3rd June, 2014
Benjamin Dikki, Director-General of the Bureau of Public Enterprises (BPE), said the Federal Government invested N1.6 trillion to create 600 public enterprises in Nigeria’s economy prior the introduction of privatisation.
This was contained in a statement signed by Head, Public Communication, Bureau of Public Enterprises, Chigbo Anichebe, in Abuja on Monday.
Dikki made the statement during a presentation to members of the Ibrahim Badamasi Babangida (IBB) International Golf and Country Club, Abuja.
In his presentation titled: “The Nigerian reform and privatisation policy, processes, gains, challenges and prospects”, Dikki said there are no corresponding returns on investments to the Nigerian economy as these enterprises remain drain pipes.
He said that only 500,000 jobs were created even as these enterprises had over 5,000 board seats.
Dikki said a substantial part of the then non-performing debts owed to the London and Paris Clubs were mostly loans to these enterprises.
He said the invested loans in the enterprises also left huge pension liabilities amounting to over N2 trillion to be borne by the Federal Government.
According him, public enterprises consume over three billion dollars annually as subventions and subsidies.
He explained that tax deductions at the source were not remitted to the tax authorities and no dividends were received or reasonable service provided by them in spite of their monopoly status.
Dikki noted that Nigeria’s economy experienced declining growth, increasing unemployment, galloping inflation, high incidence of poverty, worsening balance of payments, debilitating debt burden and increasing unsustainable fiscal deficits.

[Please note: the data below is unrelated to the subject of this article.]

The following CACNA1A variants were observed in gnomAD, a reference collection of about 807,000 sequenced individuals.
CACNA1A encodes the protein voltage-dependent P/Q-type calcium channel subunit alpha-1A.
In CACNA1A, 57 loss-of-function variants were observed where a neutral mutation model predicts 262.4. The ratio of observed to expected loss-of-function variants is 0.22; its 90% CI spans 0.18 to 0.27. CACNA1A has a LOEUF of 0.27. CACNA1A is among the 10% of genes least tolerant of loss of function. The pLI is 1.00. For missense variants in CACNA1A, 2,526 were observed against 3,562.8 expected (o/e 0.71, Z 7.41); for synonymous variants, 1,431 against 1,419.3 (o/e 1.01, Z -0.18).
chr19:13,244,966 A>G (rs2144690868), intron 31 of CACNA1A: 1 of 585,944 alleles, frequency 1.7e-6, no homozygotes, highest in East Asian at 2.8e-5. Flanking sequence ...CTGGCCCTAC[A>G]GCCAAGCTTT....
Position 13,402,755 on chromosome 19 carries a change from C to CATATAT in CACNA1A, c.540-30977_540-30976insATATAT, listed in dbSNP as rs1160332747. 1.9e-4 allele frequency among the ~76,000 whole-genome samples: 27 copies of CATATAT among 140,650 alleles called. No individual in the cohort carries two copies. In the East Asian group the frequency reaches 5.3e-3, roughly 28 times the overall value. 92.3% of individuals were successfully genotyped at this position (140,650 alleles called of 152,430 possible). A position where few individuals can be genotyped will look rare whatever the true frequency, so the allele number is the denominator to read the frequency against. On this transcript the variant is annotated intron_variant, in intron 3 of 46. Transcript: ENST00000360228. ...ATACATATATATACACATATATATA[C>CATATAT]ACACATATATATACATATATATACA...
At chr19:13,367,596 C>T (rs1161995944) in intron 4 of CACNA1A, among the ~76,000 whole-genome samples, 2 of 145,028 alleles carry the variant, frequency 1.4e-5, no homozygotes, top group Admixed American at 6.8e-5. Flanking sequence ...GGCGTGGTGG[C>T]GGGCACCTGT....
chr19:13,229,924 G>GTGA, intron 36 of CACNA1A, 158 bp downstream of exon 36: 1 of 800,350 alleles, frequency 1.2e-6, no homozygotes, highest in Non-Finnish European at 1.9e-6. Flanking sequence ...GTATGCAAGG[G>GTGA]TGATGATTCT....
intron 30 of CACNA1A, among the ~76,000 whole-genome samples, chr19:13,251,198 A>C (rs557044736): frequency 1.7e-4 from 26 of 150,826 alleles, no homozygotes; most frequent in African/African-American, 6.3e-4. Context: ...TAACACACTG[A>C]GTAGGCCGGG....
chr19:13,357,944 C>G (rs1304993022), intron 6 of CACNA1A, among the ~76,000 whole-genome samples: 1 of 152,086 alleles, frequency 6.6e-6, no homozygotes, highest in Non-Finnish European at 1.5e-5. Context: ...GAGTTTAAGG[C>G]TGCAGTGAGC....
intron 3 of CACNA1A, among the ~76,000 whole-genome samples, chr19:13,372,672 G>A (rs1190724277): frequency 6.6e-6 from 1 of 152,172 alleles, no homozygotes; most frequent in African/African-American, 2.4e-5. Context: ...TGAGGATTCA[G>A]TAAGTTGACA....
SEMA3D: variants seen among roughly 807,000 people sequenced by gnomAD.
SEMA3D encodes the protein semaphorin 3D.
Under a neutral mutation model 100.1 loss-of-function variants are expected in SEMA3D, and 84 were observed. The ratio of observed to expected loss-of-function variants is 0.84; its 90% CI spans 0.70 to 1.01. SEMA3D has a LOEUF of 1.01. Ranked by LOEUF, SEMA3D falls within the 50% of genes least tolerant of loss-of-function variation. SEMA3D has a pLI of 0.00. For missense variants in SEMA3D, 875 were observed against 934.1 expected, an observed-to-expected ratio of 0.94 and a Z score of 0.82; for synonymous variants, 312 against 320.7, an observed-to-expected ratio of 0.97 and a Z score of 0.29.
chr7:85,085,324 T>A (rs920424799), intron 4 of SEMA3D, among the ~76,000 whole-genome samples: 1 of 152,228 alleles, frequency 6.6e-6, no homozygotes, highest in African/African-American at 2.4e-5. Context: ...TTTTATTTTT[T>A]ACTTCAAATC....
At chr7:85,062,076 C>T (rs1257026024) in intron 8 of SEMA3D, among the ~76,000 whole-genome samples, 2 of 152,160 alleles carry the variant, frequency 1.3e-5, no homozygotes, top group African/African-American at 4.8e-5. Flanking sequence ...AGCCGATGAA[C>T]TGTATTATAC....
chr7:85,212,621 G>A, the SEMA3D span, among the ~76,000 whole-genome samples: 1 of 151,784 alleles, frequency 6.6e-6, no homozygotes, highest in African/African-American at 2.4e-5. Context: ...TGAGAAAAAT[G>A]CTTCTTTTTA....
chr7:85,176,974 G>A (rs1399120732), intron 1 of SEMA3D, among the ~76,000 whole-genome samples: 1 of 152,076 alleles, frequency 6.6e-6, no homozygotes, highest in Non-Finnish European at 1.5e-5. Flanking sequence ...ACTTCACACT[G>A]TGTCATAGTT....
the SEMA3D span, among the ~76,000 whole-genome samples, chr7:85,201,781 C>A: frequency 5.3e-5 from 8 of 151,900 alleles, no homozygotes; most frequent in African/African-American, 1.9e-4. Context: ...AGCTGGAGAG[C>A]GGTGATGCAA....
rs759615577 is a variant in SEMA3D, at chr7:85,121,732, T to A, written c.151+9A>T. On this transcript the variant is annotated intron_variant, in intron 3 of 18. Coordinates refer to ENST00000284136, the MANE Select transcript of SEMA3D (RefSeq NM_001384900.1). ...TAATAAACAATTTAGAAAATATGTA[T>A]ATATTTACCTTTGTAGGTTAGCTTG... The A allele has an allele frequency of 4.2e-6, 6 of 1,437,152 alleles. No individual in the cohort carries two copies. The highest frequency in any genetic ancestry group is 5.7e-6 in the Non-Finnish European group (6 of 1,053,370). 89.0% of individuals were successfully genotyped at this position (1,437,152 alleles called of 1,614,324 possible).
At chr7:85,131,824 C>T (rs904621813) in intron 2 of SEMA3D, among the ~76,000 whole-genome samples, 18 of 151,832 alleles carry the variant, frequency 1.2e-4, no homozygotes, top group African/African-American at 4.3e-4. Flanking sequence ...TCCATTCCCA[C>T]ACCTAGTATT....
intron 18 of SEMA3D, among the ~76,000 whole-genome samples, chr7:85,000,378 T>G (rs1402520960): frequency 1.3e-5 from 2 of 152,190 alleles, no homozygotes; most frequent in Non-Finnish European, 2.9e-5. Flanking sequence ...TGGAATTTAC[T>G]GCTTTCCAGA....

The Federal Government, from 1969 to 1984, commissioned several studies which findings revealed that the private enterprises were inefficient, corrupt, and misused monopoly powers.
He said enterprises depended heavily on treasury, had defective capital structure and suffered incessant political interference.
The setting up of the Technical Committee on Commercialisation and Privatisation (TCPC) in 1988, which metamorphosed into BPE, was to free government from business and bring in private hands, he said.
It listed the gains of privatisation as the utilisation of proceeds for other socioeconomic objectives, non-allocation from the treasury to privatised enterprises.
Others were payment of corporate tax and heavy investments by the new owners that grew the companies and the economy.
On the power sector reform, the director-general said an estimated 90 million Nigerians were living without access to electricity.
He said government did not have the resources to reach them, which brought about the need to privatise the power sector to increase the reach.
The reforms carried out in telecom, pensions, debt management and other sectors were impacting positively on the Nigerian economy, Dikki said.
He said BPE had also lined up several reforms in the years ahead.